Establishing new parameters of wellness in mental health calls for nothing less than a reformation of thought and concept. In 2004, the World Health Organization (WHO, 2004) began promoting the advantages of a wellness over disease perspective, declaring health, “a state of complete physical, mental and social well-being and not merely the absence of disease or infirmity” (Slade, 2010, p. 1). The World Psychiatric Association has aligned with the wellness model, submitting that “the promotion of well-being is among the goals of the mental health system” (Schrank et al., 2014, p. 98). Wellbeing has become a central focus of international policy (Slade, 2010). Concurrently, some psychological approaches have become bellwethers for research and study of the positive character strengths that facilitate the motivation and persistence/perseverance helpful to persons with mental illness who aspire towards recovery-remission. Wellbeing must become the central focus of mental health for the simple reason that the disease model has provided grossly insufficient results. As clinical psychologist Kinderman (2014) writes in Scientific American “We need wholesale and radical change, not only in how we understand mental health problems, but also in how we design and commission mental health services” (p. 1). This radical change, however, should not be a dissolution of approaches but an intense review of their efficacy, and repudiation of the one-size-fits-all stance within the mental health community. Certain fundamentals like language, perspective, and diagnosis demand drastic adjustment.
The hurdles are formidable, beginning with a consensus definition of mental illness and its origins. The Diagnostic and Statistical Manual of Mental Disorders (DSM) abandoned the word neurosis in 1980 but it remains the go-to term in the mental health community. One only needs the American Psychological Association (APA, 2020) definition of neurosis to comprehend the pathographic focus of the disease model. Neurosis is,
any one of a variety of mental disorders characterized by significant anxiety or other distressing emotional symptoms, such as persistent and irrational fears, obsessive thoughts, compulsive acts, dissociative states, and somatic and depressive reactions. The symptoms do not involve gross personality disorganization, total lack of insight, or loss of contact with reality (compare psychosis). In psychoanalysis, neuroses are generally viewed as exaggerated, unconscious methods of coping with internal conflicts and the anxiety they produce. Most of the disorders that used to be called neuroses are now classified as anxiety disorders.
Health experts define mental illness as a “diagnosable mental, behavioral, or emotional disorder of sufficient duration to meet diagnostic criteria” that can “result in functional impairment which substantially interferes with or limits one or more major life activities” (Salzer et al., 2018, p. 3; SAMSHA, 2017). Any disorder that results in 30 or more days of role impairment at work, home, or in social relationships seriously impacts one’s emotional wellbeing and quality of life. Congress defines serious mental illness as a “functional impairment that substantially interferes with or limits one or more major life activities.” The two mental illnesses called psychosis are borderline personality disorder and forms of schizophrenia. Everything else is a neurosis or disorder.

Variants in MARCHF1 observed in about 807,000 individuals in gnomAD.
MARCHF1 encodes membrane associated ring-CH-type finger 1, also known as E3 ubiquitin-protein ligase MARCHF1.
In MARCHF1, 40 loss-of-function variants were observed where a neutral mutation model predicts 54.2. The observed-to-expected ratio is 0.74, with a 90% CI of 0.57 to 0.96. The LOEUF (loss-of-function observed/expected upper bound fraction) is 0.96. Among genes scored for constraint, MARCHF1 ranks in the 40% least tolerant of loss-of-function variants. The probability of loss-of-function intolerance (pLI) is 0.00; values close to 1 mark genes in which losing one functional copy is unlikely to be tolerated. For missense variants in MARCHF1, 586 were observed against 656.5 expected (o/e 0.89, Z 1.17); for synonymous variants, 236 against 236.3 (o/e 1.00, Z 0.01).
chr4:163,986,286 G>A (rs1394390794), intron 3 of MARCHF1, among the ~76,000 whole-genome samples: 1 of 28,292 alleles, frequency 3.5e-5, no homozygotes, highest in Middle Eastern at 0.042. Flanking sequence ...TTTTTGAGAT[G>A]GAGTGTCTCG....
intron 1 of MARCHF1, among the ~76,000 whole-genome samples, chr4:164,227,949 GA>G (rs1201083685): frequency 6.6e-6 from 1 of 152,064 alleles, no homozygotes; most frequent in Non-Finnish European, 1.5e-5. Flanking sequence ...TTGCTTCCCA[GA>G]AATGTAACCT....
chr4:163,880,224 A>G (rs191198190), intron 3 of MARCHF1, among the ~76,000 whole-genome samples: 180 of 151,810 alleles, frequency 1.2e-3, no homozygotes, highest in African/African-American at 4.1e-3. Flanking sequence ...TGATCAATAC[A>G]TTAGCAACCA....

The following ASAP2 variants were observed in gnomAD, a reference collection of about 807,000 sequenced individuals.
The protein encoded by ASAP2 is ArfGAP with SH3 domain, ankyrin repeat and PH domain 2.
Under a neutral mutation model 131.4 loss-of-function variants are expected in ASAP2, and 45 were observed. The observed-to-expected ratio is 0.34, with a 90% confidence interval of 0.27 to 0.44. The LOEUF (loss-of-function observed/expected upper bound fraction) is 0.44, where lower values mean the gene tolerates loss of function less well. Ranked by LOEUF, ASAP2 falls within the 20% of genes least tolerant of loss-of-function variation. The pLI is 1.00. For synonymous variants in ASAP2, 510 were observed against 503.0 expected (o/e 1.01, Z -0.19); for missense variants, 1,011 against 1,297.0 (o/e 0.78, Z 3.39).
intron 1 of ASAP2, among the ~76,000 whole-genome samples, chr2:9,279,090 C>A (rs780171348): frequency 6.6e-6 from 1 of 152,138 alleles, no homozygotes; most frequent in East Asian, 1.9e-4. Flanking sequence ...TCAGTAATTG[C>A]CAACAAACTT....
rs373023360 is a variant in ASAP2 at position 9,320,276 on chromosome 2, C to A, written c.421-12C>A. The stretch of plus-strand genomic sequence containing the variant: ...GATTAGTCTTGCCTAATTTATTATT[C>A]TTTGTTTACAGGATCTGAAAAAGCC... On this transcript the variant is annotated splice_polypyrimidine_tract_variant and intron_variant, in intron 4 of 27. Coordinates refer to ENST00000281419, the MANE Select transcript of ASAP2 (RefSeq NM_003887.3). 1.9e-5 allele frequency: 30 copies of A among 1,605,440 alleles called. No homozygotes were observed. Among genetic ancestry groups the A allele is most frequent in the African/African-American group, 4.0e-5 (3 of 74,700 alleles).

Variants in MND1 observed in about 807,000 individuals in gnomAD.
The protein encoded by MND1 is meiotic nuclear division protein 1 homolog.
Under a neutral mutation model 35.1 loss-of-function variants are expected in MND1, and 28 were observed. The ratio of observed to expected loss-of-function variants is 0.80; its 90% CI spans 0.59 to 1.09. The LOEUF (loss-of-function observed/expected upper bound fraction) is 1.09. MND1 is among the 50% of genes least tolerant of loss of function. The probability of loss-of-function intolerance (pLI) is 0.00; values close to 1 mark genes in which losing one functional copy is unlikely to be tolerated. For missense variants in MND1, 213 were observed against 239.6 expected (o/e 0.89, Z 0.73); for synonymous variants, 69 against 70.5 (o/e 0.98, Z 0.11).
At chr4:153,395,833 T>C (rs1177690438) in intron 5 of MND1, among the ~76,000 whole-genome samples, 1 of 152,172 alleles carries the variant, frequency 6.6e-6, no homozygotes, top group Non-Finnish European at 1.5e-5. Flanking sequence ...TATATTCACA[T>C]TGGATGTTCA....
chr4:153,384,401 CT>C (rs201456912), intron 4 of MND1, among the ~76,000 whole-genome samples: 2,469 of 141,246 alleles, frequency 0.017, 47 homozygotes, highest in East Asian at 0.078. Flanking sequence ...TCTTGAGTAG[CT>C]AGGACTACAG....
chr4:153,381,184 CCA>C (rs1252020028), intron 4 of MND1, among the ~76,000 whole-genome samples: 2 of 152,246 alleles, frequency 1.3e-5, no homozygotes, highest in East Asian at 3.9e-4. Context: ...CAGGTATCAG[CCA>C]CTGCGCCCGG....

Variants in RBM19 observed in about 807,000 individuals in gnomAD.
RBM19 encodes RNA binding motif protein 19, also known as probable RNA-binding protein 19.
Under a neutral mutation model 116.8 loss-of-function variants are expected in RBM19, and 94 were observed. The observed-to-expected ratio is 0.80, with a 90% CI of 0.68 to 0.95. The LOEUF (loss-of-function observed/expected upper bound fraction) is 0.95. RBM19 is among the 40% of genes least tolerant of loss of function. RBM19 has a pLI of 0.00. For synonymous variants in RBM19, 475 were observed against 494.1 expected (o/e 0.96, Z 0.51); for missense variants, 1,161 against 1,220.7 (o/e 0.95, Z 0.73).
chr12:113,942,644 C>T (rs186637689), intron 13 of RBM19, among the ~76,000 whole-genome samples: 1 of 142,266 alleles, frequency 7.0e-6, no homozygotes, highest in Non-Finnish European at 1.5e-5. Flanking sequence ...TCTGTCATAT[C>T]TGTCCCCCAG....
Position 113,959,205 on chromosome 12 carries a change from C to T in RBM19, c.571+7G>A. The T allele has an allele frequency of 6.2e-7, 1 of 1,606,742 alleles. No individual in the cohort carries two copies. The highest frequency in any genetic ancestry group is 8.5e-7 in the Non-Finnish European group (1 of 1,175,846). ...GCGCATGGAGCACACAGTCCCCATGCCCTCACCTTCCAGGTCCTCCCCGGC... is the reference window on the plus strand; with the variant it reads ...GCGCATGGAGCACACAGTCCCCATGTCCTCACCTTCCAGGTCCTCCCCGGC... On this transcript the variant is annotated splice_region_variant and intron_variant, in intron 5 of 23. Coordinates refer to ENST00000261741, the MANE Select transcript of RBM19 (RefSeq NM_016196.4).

The pathographic or disease model of mental healthcare has been the modus operandi of society for centuries. Granted, there have been interruptions in the disease perspective philosophically and culturally. However, it has been the overriding psychological perspective for over a century, remerging with Freud and continuing through medical models with insular focuses on biological and neurological origins of mental illness. The chief propagator of the wellness model has been positive psychology which originated with Maslow’s (1943) seminal text on humanism and was legitimatized by Seligman as APA president in 1998. The study and research of the character strengths that generate the motivation and persistence/perseverance of a mentally ill individual in recovery-remission is of enormous benefit to psychology and individual mental health.
APA. (2020). Neurosis. Dictionary of Psychology. American Psychological Association. Washington, DC: American Psychological Association. https://dictionary.apa.org/neurosis Accessed 05 April 2020.
Kinderman, P. (2014). Why We Need to Abandon the Disease-Model of Mental Health Care. [Online Article.] Scientific American. https://blogs.scientificamerican.com/mind-guest-blog/why-we-need-to-abandon-the-disease-model-of-mental-health-care/
Maslow, A. (1943). A Theory of Human Motivation. Psychological Review, 50 (4), 370–396 (1943).
Salzer, M. S., Brusilovskiy, E., & Townley, G. (2018). National Estimates of Recovery-Remission from Serious Mental Illness. Psychiatric Services, 69(5) 523-528 (2018). https://doi.org/10.1176/appi.ps.201700401
SAMSHA. (2017). 2017 National Survey on Drug Use and Health (NSDUH) by the Substance Abuse and Mental Health Services Administration. (Rockville, MD: SAMHSA. https://www.nimh.nih.gov/health/statistics/mental-illness.shtml#:~:text=Serious%20 mental%20illness%20(SMI)%20is,or%20more%20major%20life%20activities.
Schrank, B., Brownell, T., Tylee, A., & Slade, M. (2014). Psychology: An Approach to Supporting Recovery in Mental Illness. East Asian Arch Psychiatry, 24, 95-103 (2014).
Slade, M. (2010). Mental illness and well-being: the central importance of positive psychology and recovery approaches. BMC Health Service Research 10 (26), 1-17 (2010). https://doi.org/10.1186/1472-6963-10-26 10(26)